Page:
If you read my previous blog, 5 Tips for Writing a Job Posting, then you’re well on your way to writing a successful job posting. Before you post that job, though, here are five points to avoid when writing a job posting.
1. Ignoring compensation
Salary plays a big role in a candidate’s decision to accept a job offer or even apply. If your company offers a competitive compensation plan, be sure to mention it. If your company offers a lower salary, talk about the other perks of joining the company such as benefits, culture, advancement opportunities or flexible schedules. While salary can be a major draw, culture and flexibility can be equally attractive to other candidates including millennials.
2. Forgetting to sell
This is where many employers drop the ball. You’re trying to sell your opportunity to a potential candidate. Don’t just use the same cookie cutter job posting that has been in place for 10 years. Get creative and stand out from the others! When creating the job posting, you’ll want to answer two questions:
- a. What will candidates love about the job?
- b. What do employees love about your company?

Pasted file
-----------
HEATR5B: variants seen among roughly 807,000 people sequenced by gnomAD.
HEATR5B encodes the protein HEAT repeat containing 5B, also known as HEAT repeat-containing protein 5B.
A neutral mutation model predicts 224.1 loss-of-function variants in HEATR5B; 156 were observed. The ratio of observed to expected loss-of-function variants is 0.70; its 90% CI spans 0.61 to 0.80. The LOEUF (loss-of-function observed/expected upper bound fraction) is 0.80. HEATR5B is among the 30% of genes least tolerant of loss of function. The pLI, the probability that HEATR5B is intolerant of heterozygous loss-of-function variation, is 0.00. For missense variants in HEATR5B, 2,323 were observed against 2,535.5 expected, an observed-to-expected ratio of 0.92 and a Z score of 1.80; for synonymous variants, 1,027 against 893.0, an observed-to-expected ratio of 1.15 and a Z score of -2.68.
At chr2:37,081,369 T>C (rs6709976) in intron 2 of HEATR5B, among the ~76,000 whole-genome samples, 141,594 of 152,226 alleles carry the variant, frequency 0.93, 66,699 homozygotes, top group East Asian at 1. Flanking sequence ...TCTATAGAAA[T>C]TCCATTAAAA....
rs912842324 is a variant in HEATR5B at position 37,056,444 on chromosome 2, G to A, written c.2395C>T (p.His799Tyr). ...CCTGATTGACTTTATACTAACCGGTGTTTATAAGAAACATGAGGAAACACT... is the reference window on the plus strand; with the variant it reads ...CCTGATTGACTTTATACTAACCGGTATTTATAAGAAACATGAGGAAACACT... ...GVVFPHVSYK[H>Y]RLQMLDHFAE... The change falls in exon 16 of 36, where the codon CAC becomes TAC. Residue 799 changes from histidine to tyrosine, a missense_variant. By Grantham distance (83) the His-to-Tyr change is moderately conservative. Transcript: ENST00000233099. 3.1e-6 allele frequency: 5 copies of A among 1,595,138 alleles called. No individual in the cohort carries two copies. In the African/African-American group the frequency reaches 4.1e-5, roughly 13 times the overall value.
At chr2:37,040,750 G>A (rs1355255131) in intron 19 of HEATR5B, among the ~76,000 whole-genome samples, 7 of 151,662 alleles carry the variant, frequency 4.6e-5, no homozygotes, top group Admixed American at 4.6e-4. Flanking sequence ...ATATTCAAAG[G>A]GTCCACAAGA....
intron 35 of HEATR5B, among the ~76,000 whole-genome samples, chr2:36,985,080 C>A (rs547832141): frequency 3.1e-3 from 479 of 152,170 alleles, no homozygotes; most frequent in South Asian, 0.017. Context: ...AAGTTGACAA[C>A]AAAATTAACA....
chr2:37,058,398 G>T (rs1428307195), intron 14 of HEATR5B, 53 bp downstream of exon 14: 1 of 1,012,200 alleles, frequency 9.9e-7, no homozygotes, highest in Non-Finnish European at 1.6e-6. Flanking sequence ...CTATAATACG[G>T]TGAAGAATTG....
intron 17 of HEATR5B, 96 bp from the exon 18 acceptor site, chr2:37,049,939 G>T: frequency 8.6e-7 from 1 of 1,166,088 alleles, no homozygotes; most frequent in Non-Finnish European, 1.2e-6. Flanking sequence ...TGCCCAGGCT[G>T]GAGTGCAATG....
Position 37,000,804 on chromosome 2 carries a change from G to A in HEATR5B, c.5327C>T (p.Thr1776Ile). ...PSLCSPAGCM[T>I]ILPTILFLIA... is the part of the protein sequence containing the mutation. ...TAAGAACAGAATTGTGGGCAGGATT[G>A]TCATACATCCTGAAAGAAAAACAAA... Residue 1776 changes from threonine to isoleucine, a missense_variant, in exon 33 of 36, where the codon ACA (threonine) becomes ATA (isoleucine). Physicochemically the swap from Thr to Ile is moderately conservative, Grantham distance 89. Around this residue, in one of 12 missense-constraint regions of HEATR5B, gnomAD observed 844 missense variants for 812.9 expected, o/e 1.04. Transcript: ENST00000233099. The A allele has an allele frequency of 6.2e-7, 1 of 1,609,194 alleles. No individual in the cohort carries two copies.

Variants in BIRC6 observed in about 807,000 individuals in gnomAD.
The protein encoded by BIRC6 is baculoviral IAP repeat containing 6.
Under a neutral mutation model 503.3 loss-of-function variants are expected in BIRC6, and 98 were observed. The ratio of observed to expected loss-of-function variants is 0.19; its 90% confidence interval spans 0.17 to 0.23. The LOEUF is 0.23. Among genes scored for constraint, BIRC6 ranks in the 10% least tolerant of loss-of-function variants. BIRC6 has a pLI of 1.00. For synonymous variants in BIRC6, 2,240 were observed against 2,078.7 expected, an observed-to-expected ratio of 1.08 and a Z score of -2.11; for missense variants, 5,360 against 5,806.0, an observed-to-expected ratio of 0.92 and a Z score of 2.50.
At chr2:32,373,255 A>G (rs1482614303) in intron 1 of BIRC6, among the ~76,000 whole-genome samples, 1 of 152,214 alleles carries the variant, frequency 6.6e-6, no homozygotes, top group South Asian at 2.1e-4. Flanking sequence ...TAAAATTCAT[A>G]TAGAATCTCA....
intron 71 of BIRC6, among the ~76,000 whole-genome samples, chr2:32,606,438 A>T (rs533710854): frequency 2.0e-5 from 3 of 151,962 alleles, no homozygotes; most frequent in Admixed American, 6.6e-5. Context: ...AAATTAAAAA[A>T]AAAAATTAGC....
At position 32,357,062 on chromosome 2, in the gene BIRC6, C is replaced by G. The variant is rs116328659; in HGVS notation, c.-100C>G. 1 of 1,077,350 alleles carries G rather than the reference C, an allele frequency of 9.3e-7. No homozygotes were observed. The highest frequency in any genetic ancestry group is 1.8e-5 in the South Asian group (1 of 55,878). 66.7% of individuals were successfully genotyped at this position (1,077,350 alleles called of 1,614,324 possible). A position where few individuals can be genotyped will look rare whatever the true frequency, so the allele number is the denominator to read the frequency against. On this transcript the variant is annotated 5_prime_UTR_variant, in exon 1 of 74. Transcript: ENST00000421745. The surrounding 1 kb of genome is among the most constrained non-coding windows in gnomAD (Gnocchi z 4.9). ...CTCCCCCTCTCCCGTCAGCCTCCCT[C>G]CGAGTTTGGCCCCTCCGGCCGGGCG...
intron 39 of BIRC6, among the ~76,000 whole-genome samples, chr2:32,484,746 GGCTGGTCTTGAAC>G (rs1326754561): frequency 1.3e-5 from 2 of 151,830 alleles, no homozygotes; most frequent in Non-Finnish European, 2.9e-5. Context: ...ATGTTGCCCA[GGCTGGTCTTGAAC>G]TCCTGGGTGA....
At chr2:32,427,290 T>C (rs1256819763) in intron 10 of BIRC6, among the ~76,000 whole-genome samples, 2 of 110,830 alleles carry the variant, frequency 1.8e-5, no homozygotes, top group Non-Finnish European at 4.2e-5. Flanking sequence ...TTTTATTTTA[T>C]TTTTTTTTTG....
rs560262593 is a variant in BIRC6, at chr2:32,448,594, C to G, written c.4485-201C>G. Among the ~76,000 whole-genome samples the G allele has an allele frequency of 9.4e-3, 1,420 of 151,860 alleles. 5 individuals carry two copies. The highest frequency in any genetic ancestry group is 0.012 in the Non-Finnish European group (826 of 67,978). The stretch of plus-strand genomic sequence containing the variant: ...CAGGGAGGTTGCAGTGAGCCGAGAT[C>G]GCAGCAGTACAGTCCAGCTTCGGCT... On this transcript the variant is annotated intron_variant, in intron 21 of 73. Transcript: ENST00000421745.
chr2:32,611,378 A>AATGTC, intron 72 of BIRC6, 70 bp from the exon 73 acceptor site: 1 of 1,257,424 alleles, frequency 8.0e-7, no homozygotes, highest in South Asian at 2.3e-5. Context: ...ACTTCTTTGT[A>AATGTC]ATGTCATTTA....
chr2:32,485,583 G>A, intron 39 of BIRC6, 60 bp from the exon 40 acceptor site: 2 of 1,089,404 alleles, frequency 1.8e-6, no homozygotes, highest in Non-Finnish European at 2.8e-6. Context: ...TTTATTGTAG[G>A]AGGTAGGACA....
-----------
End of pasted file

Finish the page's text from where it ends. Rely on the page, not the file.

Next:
3. Leaving out potential deal breakers
This ties in with my previous post under clear expectations. Lots of travel, straight commission, third shift and etc. All can be potential deal breakers for a candidate. Don’t waste your time or the candidate’s time. Make sure to communicate any deal breakers as it could be a factor into a candidate’s decision to apply for the job.
4. Making promises you can’t keep
“Pay increase after 90 days” or “weekly bonuses” are great examples of promises you may not be able to keep. If you hire someone but they aren’t exactly a rock star and you can’t quite bring yourself to fire them, do you really want to give the person a pay increase? Probably not. But if it’s in writing, they will hold you liable to it. Be sure to mention there is potential for those opportunities and don’t make it a guarantee or promise.
You may not realize you’re doing it but mentioning “seeking recent college graduates” or “young and energetic” can be construed as discrimination. Any mention of age, race, sex, national origin, disability or religion can be considered an act of discrimination.